65 percent parents believe creative courses in UK universities benefits economy
65 percent of parents in the United Kingdom say that creative courses in UK universities contribute to the country’s economy. The study highlights that creative courses form a major part of the national GDP and strengthen the overall economic output.
The latest study conducted by Savanta ComRes for Universities UK, representing 140 universities across the UK, has revealed a diverse set of results from the workforce.
The study shows that 69 percent of the surveyed parents suggest significant importance of the creative skills gained at higher education in the United Kingdom.
They believe their presence is vital to strengthen the UK creative industries, Erudera.com reports.
Additionally, 71 percent of parents stated that they are proud of the UK as a citizen. They said it was one of the “world’s leading producers of creative culture”.
He also said that brilliant academics are vital to the country’s creative excellence and essential to thriving creative industries.
“Universities are places where creative ideas flourish, where innovation happens, and where businesses employing thousands of people are started. They’re where the nation’s creative sparks are ignited,” Jarvis added.
70 percent of parents agreed secondary activities are essential to maintain Covid
A major part of the study also revealed factors that affected students’ creativity during the pandemic.
As per the report, 70 percent of parents pointed out that creative activities - be it reading, gaming, listening to music, or watching television - are essential to maintain well-being during the Covid.
The UK higher education board has been under severe pressure to attract international students to their universities in the last two years.
To promote higher attendance, the administration has launched several student-oriented programmes and allowed various vaccines to be eligible for entry in the UK.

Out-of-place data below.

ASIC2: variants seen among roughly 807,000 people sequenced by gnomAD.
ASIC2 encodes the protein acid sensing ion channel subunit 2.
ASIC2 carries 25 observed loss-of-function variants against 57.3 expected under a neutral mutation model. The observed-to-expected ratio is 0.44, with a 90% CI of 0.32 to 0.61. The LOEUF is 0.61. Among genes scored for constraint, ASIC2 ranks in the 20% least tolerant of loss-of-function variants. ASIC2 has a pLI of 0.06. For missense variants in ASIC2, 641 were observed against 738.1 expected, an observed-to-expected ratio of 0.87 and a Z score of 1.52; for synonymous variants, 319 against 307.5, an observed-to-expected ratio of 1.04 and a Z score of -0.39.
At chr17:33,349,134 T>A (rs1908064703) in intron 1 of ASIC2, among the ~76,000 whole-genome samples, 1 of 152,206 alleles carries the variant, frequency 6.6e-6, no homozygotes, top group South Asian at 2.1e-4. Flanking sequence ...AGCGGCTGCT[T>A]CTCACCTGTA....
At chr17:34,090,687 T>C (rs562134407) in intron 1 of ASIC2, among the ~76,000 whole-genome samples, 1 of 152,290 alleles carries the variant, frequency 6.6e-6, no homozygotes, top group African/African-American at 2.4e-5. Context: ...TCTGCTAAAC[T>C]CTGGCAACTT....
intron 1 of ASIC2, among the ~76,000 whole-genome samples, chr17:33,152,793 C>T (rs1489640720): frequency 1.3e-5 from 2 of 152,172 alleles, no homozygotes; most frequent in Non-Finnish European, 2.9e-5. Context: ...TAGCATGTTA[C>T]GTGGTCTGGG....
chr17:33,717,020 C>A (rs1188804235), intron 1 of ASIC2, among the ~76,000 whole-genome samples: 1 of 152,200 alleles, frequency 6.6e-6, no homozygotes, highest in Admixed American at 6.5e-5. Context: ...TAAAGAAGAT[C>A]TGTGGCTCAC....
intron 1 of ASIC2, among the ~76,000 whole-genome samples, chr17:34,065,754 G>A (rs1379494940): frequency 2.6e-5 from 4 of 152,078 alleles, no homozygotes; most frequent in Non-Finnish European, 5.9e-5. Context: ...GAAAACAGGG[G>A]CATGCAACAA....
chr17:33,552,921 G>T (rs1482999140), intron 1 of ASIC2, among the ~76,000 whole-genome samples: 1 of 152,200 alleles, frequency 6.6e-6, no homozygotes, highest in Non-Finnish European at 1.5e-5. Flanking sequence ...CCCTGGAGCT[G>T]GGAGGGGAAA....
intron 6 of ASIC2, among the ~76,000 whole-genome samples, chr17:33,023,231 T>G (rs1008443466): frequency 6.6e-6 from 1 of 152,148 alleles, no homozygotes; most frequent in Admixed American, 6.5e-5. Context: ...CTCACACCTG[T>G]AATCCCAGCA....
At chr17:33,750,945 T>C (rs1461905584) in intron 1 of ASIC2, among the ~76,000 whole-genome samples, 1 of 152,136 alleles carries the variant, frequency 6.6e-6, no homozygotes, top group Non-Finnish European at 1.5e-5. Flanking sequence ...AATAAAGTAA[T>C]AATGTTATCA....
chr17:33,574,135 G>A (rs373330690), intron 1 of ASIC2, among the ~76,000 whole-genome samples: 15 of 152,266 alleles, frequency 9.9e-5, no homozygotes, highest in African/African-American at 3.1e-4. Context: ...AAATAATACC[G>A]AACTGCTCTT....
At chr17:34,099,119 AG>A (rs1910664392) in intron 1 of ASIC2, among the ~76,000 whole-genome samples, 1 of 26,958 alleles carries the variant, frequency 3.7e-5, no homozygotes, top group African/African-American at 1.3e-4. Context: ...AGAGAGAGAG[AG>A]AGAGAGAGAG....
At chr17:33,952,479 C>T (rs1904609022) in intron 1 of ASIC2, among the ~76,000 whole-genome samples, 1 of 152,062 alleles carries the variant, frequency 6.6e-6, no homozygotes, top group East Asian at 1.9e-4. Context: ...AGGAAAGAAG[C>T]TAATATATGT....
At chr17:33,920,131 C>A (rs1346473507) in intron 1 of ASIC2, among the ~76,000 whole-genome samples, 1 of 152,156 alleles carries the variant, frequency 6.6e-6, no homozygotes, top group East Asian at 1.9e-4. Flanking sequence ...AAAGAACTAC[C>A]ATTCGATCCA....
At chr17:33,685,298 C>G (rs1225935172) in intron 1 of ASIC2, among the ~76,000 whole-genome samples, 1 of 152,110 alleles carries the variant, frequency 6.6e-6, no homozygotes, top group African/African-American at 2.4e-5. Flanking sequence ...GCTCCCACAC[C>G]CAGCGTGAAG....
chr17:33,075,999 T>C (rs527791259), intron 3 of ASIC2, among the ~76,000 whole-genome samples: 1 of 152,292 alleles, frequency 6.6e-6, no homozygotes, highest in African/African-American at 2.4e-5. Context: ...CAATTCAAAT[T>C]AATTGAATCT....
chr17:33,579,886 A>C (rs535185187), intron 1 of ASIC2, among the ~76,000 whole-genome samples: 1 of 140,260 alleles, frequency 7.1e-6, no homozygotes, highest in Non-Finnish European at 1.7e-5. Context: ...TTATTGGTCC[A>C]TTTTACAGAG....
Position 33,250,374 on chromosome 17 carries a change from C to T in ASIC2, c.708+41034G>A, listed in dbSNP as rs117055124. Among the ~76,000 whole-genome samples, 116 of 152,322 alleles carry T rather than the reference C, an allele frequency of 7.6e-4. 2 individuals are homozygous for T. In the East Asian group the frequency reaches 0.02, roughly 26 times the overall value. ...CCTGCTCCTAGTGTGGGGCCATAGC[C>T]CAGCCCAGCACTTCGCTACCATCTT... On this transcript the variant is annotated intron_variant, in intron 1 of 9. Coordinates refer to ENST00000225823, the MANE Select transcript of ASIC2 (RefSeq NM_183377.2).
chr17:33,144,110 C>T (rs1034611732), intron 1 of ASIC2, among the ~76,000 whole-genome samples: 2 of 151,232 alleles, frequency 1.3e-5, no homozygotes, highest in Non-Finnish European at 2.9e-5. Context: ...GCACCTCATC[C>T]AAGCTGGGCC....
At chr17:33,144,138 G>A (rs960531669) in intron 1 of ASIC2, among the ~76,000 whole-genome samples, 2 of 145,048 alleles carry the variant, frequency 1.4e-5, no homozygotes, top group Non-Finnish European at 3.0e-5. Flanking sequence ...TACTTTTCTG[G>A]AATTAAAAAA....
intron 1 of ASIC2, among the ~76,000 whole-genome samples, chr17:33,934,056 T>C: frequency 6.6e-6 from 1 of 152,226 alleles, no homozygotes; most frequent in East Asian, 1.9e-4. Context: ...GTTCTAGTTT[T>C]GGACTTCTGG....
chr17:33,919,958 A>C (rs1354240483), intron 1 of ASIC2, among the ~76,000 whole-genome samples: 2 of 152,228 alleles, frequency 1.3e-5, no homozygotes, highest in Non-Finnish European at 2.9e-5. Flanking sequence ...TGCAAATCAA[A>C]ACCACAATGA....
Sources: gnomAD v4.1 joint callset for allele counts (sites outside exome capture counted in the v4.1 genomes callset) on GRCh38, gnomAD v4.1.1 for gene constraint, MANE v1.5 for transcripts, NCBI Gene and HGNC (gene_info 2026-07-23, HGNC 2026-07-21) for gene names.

While the pandemic hasn’t vanished permanently, the country is now seeing a great revival of demand amongst the international populace.
Taking many considerations into the final picture, the survey also took a poll on parents’ expectations from the government. In it, over 59 percent agreed that the government should offer more funding to creative university courses due to the impacts of the pandemic
Out of these, roughly 50 percent showed positive signs that the government shouldn’t prioritize STEM courses more than humanities and arts.
Keith Chapman, the Creator of popular animated series like Bob the Builder and PAW Patrol, also shared his experiences over his lifetime and the role of creative courses he studied in the university.
“My career would not have been possible without the skills I learned and people I met during my time at university.”
Chapman also highlighted that there had been less work done than required in the creative industries of the UK.
“If the Government wants our creative industries to remain the best in the world, they must show they understand how important creative courses are to their success,” he said.
Whilst the government is doing everything possible, a large number of parents (roughly 67 percent) fear that the UK’s renowned creative output could now be under threat.
“Two-thirds of UK parents acknowledge that creative industries have suffered greatly as a result of the pandemic,” the press release by Universities UK reads.
Before the pandemic, the creative industry brought more than £116 billion to the economy. The sector, which has been consistently growing before 2020, employs 2.1 million people.
To cater to such a large workforce, it will be a close-sighted scenario how the government tackles a complex situation and jump-start the industry before it is unrecoverable.